Recent zbMATH articles in MSC 68https://zbmath.org/atom/cc/682023-01-20T17:58:23.823708ZWerkzeugA probabilistic logic between \(LPP_1\) and \(LPP_2\)https://zbmath.org/1500.030092023-01-20T17:58:23.823708Z"Dautović, Šejla"https://zbmath.org/authors/?q=ai:dautovic.sejlaThis short paper introduces a logic that sits between LLP\(_1\) and LPP\(_2\) which is called LLP\(_{\frac{3}{2}}\). Background to the two previously introduced logics and the overall approach can be found in [\textit{Z. Ognjanović} et al., Probability logics. Probability-based formalization of uncertain reasoning. Cham: Springer (2016; Zbl 1371.03001)].
The basic logic is in all three cases propositional. Probabilistic operators of the form \(P_{\geq r}\alpha\) are then introduced with the following intended interpretation: the probability of the formula \(\alpha\) is greater or equal than \(r\). The here introduced logic allows for the mixing of classical and probabilistic formulae but does not permit the iteration of probabilistic operators. In this sense, the new logic sits between LLP\(_1\) and LPP\(_2\). After introducing and briefly motivating the logic, the paper gives main characteristics of the new logic:
\begin{itemize}
\item[1.] LLP\(_{\frac{3}{2}}\) satisfiability problem is NP-complete.
\item[2.] An axiomatisation scheme comprising of six axioms and three rules of inference is sound and strongly complete for this logic.
\end{itemize}
Reviewer: Jürgen Landes (München)On rainbow mean colorings of treeshttps://zbmath.org/1500.050182023-01-20T17:58:23.823708Z"Hallas, James"https://zbmath.org/authors/?q=ai:hallas.james"Salehi, Ebrahim"https://zbmath.org/authors/?q=ai:salehi.ebrahim"Zhang, Ping"https://zbmath.org/authors/?q=ai:zhang.ping.1Summary: A mean coloring of a connected graph \(G\) of order 3 or more is an edge coloring of \(G\) with positive integers such that the mean of the colors of the edges incident with every vertex is an integer. The associated color of a vertex is its chromatic mean. If distinct vertices have distinct chromatic means, then the edge coloring is a rainbow mean coloring of \(G\). The maximum vertex color in a rainbow mean coloring \(c\) is the rainbow mean index of \(c\), while the rainbow mean index of the graph \(G\) is the minimum rainbow mean index among all rainbow mean colorings of \(G\). In this paper, rainbow mean colorings of trees are investigated.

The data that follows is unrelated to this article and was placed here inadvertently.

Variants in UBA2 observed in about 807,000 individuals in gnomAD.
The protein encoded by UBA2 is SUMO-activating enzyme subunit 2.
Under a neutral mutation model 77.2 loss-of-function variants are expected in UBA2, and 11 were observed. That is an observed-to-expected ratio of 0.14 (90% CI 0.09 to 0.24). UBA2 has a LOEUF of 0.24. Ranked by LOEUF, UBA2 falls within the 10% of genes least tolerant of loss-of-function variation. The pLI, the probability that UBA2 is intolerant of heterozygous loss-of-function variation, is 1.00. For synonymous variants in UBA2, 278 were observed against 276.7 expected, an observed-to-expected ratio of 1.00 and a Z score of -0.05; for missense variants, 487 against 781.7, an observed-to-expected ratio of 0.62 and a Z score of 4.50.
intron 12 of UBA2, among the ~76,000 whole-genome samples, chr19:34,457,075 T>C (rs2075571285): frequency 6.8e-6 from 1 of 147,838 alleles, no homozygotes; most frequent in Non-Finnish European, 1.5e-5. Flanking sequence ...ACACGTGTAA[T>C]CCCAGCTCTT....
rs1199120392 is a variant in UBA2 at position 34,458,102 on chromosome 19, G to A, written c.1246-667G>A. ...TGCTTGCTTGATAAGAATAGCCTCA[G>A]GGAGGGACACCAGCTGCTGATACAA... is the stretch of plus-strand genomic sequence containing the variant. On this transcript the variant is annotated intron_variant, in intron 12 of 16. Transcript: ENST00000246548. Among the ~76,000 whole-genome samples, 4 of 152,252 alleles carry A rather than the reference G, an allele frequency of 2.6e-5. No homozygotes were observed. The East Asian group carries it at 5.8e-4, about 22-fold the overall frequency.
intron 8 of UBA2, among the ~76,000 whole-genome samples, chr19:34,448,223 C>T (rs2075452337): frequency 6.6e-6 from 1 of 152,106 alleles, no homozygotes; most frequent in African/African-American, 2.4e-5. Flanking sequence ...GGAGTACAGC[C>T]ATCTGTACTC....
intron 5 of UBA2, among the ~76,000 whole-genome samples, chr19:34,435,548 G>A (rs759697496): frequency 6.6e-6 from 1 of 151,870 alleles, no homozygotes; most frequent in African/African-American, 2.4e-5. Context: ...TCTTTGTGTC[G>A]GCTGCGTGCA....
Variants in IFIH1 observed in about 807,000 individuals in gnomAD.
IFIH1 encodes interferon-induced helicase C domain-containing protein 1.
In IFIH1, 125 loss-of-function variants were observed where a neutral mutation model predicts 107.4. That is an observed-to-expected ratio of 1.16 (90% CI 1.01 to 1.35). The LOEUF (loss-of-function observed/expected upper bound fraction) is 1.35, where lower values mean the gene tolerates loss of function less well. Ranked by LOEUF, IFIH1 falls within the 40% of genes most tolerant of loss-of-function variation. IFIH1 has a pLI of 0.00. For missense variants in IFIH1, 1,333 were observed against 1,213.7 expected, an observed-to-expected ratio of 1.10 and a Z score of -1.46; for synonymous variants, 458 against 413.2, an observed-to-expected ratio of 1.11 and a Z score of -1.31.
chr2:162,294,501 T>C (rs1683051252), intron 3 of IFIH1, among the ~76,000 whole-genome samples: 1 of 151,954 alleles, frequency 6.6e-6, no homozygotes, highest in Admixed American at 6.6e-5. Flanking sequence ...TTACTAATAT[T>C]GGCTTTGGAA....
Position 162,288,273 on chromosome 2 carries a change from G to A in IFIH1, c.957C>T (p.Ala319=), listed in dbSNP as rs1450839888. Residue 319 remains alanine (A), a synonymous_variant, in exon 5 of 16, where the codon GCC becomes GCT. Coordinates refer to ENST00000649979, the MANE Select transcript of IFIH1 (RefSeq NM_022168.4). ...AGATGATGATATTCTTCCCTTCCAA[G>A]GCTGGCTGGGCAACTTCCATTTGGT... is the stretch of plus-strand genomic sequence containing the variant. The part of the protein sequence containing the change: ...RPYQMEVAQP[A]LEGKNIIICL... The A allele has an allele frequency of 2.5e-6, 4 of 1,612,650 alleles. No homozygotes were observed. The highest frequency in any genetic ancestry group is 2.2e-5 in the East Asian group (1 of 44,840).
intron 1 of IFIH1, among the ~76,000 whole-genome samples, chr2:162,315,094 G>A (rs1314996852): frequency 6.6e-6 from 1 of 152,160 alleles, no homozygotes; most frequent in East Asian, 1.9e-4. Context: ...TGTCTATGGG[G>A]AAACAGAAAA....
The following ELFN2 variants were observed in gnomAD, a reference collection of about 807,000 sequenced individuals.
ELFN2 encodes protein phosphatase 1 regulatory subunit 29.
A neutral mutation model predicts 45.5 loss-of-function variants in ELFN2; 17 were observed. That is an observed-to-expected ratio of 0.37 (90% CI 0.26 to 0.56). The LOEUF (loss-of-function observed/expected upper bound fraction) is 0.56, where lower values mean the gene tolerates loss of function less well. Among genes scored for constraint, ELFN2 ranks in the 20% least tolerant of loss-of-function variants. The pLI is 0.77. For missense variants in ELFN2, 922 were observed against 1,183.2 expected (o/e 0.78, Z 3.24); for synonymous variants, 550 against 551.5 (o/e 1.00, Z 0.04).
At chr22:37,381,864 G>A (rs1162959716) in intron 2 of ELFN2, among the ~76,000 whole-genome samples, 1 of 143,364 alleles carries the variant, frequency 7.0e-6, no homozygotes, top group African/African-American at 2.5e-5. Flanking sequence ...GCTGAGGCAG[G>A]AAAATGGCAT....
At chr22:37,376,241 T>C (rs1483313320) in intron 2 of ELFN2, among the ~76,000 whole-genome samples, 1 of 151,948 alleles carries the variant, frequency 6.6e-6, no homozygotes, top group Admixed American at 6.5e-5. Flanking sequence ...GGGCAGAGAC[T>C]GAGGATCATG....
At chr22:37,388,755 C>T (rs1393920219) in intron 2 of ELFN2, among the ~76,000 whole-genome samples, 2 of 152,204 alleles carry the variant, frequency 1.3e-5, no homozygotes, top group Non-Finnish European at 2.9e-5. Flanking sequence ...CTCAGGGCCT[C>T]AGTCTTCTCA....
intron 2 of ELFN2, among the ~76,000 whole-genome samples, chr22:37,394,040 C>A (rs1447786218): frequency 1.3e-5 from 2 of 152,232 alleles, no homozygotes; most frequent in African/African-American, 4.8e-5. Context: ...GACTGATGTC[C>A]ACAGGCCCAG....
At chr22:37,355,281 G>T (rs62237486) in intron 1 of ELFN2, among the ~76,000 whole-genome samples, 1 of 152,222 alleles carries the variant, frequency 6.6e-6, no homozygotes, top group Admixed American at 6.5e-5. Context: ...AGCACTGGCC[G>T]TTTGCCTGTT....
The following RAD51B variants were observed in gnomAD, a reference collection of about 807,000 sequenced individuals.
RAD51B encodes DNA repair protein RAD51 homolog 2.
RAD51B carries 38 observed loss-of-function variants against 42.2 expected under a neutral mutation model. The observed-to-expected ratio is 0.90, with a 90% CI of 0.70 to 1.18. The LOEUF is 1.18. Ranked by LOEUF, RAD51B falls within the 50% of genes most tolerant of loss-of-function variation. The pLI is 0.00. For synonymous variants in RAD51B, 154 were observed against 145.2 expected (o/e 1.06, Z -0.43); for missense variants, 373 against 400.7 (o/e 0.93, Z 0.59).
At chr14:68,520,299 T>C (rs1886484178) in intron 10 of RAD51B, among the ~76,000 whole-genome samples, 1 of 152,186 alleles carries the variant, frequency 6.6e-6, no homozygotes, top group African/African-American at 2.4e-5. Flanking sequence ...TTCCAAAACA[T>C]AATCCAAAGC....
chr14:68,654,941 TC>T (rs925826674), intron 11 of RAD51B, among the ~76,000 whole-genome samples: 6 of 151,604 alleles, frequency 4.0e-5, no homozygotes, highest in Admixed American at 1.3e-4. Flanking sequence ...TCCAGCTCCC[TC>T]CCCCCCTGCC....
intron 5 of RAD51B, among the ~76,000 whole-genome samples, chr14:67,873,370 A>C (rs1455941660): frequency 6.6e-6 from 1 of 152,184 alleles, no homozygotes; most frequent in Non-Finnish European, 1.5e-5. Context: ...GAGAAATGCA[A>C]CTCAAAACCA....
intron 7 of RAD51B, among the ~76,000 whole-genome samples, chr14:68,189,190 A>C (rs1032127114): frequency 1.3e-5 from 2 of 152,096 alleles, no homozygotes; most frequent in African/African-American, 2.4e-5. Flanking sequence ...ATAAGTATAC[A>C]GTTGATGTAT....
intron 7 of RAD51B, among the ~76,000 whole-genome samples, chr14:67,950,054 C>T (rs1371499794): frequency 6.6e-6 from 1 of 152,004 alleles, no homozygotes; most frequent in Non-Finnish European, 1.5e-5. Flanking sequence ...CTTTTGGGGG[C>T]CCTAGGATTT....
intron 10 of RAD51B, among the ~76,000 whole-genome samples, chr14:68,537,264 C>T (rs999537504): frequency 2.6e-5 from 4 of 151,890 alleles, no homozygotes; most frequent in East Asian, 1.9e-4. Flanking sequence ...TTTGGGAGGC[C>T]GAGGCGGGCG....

For the entire collection see [Zbl 1495.05003].Role coloring bipartite graphshttps://zbmath.org/1500.050202023-01-20T17:58:23.823708Z"Pandey, Sukanya"https://zbmath.org/authors/?q=ai:pandey.sukanya"Sahlot, Vibha"https://zbmath.org/authors/?q=ai:sahlot.vibhaThe \(k\)-role colouring problem has as input an undirected graph \(G\) and a positive integer \(k\). The question is then whether there is a surjective function \(\alpha: V(G)\) to \(\{1,2,\ldots k\{\) such that if \(\alpha(u)=\alpha(v)\) then, letting \(N(w)\) denote the neighbourhood of a vertex \(w\) as usual, we have \(\alpha(N(u))=\alpha(N(v))\). This notion apparently has applications in social science. Previous work by various groups of authors had shown that for general graphs this problem is polynomial-time soluble when \(k=1\) and is NP-complete for \(k\geq 2\).
The aim of the paper under review is to study what happens for the class of bipartite graphs. The \(k\)-role colouring problem is trivial for \(k\leq 2\) for this class. The main contribution of the paper is to show that the \(k\)-role colouring problem is NP-complete on bipartite graphs for fixed \(k\geq 3\). The paper also gives a characterisation of so-called bipartite chain graphs which are 3-role-colourable and shows that 2-role colouring is NP complete on the class of ``almost bipartite graphs''.